For Hao Hao’s samples, quantitative creatinine analysis was performed based on the multispecies Ncal International Standard DetectX® urinary creatinine detection kit (K002-H1, Arbor Assays Ann Arbor, Michigan, USA). Prior to sample analysis, dilution factors were optimized through a selection of seven samples covering the range of USpG to be expected (between 1.002 and 1.018). The latter samples were analysed comparing different dilution factors (i.e. 2, 5, 10, 20, 40). Sample analysis was performed following the manufacturer’s guidelines. The optical density was determined by the Emax Plus Microplate Reader (Molecular Devices, LCC, Sunnyvale, California, US) at 490 nm. Creatinine concentrations were calculated based on a four-parameter logistic curve fit (4PLC) (SoftMaxPro Software, version 6.4.1, Molecular Devices, LCC, Sunnyvale, California, US) after subtracting the mean ODs for the blank and multiplying by the dilution factor.

An inter-laboratory coefficient of variation was determined on a batch of 85 samples analysed with both techniques (CV = 7.76%).

Correction based on urinary creatinine levels was performed by taking the ratio between raw biomarker concentrations and the creatinine level expressed in mg/mL.

Oestrogens.

Oestrogen-monitoring was performed multiple times a day following pre-oestrous behavioural changes until ovulation. After insemination, samples were analysed retrospectively in larger sample batches.

For Hao Hao’s samples, analysis of oestrogens was performed with the DetectX® Estrone Enzyme Immunoassay Kit (K031-H1, Arbor Assays, Ann Arbor, Michigan, USA). However, the oestrone standard was replaced by the oestrone-3-sulphate (E1S) standard (C135-125 μL, Arbor Assays, Ann Arbor, Michigan, USA). Cross reactivity of 100%, 112%, 65.5% and 5% is reported for oestrone, oestrone-3-glucuronide, oestrone-3-sulphate (E1S) and oestradiol respectively. For Tian Tian’s samples, analysis was performed with the DetectX® oestrone-3-glucuronide (E1G) Enzyme Immunoassay Kit (K036-H5, Arbor Assays, Ann Arbor, Michigan, USA). Cross reactivity of 100%, 66.6%, 238%, 7.8%, 3.8% and 3.3% is reported for oestrone-3-glucuronide, oestrone-3-sulphate, oestrone, 17β-oestradiol, oestradiol-3-glucuronide and oestradiol-3-sulphate respectively. The kits were used following the recommendations of the manufacturer. Prior to sample dilution, kit-specific reagents were prepared. Assay buffer was five times diluted in ultra-pure water (and used for dilution of samples and standards), while wash buffer required a 1:20 dilution. The dilution of the samples was dependent on the reproductive status of the animal; 1:10 dilution was sufficient for baseline levels, whilst a dilution of 1:100 and 1:500 was required during pre-oestrus and at peak oestrogen levels respectively. Sample analysis was performed following the manufacturer’s guidelines. The optical density was determined at 450 nm (Emax Plus Microplate Reader (Molecular Devices, LCC, Sunnyvale, California, US). A standard curve was created based on a 4PLC fitting, after calculating the % B/B0 = 100*[(OD standard−OD NSB)/(OD B0 –OD NSB)] (SoftMaxPro Software, version 6.4.1, Molecular Devices, LCC, Sunnyvale, California, US). The obtained concentrations, based on the %B/B0 curve, had to be multiplied by the dilution factor to obtain neat (raw) sample values.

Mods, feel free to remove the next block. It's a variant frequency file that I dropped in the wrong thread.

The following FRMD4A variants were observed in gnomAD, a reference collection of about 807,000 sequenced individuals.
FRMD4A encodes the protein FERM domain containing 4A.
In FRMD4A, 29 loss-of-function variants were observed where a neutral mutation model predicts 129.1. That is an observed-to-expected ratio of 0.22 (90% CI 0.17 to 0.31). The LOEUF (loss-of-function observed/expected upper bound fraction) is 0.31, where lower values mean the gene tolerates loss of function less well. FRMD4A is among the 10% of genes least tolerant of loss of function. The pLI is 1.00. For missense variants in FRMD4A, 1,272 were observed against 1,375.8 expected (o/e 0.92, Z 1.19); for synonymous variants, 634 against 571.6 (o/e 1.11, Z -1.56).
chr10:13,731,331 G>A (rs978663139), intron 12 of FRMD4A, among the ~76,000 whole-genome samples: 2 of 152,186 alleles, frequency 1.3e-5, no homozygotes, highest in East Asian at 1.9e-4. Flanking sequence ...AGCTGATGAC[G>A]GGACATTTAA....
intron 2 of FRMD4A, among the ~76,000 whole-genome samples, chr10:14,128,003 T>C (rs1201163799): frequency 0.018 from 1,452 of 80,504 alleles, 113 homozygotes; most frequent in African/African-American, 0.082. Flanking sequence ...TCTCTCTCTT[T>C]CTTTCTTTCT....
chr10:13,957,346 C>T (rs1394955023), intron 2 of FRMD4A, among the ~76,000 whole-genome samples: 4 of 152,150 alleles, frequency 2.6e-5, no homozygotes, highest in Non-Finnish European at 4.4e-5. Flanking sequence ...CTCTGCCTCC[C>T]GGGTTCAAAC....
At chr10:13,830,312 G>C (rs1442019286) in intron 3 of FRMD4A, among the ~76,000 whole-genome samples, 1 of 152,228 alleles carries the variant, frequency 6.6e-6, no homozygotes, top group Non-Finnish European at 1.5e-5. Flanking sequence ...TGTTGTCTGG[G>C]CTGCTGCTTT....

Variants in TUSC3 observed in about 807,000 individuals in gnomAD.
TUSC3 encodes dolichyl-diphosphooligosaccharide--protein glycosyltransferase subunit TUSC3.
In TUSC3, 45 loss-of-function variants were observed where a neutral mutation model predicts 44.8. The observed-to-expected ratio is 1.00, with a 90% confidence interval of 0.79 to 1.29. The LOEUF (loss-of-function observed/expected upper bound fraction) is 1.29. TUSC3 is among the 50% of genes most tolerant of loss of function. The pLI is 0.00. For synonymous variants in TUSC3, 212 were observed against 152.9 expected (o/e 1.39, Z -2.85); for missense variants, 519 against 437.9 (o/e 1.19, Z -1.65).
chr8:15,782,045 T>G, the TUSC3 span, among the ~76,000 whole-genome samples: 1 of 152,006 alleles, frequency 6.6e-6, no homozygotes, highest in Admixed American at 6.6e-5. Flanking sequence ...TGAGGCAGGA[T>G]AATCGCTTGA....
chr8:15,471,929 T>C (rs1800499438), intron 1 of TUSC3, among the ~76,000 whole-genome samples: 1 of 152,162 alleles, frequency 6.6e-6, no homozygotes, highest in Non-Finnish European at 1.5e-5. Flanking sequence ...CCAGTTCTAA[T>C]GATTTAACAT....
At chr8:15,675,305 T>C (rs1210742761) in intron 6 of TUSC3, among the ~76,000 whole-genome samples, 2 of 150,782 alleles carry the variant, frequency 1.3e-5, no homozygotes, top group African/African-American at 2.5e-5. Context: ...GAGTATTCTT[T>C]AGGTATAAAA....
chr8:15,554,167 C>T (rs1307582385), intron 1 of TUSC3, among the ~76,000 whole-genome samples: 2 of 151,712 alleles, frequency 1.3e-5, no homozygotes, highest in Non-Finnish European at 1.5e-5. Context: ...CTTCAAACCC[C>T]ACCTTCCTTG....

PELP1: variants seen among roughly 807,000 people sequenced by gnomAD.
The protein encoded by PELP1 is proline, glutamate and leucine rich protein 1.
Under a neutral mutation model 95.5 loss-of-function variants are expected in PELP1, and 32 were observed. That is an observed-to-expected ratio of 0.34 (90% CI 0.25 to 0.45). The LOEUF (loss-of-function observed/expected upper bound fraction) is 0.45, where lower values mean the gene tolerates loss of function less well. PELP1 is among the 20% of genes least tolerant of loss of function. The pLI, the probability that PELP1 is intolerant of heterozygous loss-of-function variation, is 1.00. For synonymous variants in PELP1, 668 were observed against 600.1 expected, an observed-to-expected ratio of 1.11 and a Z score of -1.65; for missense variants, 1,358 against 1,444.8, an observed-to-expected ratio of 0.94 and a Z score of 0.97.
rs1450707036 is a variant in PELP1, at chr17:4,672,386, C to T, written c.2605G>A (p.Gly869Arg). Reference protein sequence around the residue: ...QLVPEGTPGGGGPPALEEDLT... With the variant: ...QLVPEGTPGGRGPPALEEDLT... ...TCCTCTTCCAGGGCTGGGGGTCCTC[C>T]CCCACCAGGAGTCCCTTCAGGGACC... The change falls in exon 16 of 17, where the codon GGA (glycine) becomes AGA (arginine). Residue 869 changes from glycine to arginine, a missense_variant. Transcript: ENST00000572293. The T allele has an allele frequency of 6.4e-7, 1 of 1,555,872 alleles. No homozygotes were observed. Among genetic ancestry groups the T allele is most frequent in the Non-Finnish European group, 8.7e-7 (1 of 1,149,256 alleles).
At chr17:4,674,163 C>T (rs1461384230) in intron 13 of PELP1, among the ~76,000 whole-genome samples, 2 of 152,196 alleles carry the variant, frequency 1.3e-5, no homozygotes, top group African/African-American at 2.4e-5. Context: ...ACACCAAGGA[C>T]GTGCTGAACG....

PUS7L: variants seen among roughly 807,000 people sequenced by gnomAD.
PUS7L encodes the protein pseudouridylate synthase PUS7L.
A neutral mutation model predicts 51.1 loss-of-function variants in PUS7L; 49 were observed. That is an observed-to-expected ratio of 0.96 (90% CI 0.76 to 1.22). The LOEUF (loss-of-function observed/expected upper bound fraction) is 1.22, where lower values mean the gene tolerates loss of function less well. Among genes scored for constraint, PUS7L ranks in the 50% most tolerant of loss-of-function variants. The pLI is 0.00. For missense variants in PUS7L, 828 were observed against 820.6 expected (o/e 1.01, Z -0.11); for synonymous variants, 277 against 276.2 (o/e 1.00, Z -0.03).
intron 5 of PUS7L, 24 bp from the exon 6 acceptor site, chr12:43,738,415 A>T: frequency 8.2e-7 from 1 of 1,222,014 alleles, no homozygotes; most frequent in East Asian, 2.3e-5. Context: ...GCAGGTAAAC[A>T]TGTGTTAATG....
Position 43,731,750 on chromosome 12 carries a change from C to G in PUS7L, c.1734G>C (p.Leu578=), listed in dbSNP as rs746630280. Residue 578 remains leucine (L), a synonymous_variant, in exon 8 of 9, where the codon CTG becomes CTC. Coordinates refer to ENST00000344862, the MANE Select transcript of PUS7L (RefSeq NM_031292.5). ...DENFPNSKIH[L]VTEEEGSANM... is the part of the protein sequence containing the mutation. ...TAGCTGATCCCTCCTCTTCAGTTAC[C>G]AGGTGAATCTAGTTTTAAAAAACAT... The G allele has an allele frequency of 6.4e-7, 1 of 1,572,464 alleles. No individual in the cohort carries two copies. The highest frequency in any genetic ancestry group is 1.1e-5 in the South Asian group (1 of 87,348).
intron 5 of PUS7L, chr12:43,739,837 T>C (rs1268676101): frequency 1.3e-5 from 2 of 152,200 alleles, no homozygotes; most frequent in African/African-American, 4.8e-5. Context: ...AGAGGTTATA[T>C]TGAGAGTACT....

Inter- (between plates) and intra- (within plates) coefficients of variation (CV, %) were determined for the E1S and E1G detection. The intra-coefficients of variation were calculated for two batches of samples for the E1S kit. A smaller batch (n = 32) was analysed between November 2014 and February 2015 under optimal environmental laboratory conditions (CV = 6.02%). A larger batch of samples (n = 87) analysed between February and June 2016 was subjected to varying environmental conditions not always in accordance with the recommendations of the kit (CV = 0.93%). For E1G a CV of 3.97% was achieved based on 36 samples. The inter-coefficient of variation was derived from a sub-batch (n = 14) of the 2016-sample pool for E1S (CV = 10.47%), while for E1G 77 samples were involved (CV = 12.50%).

Progesterone.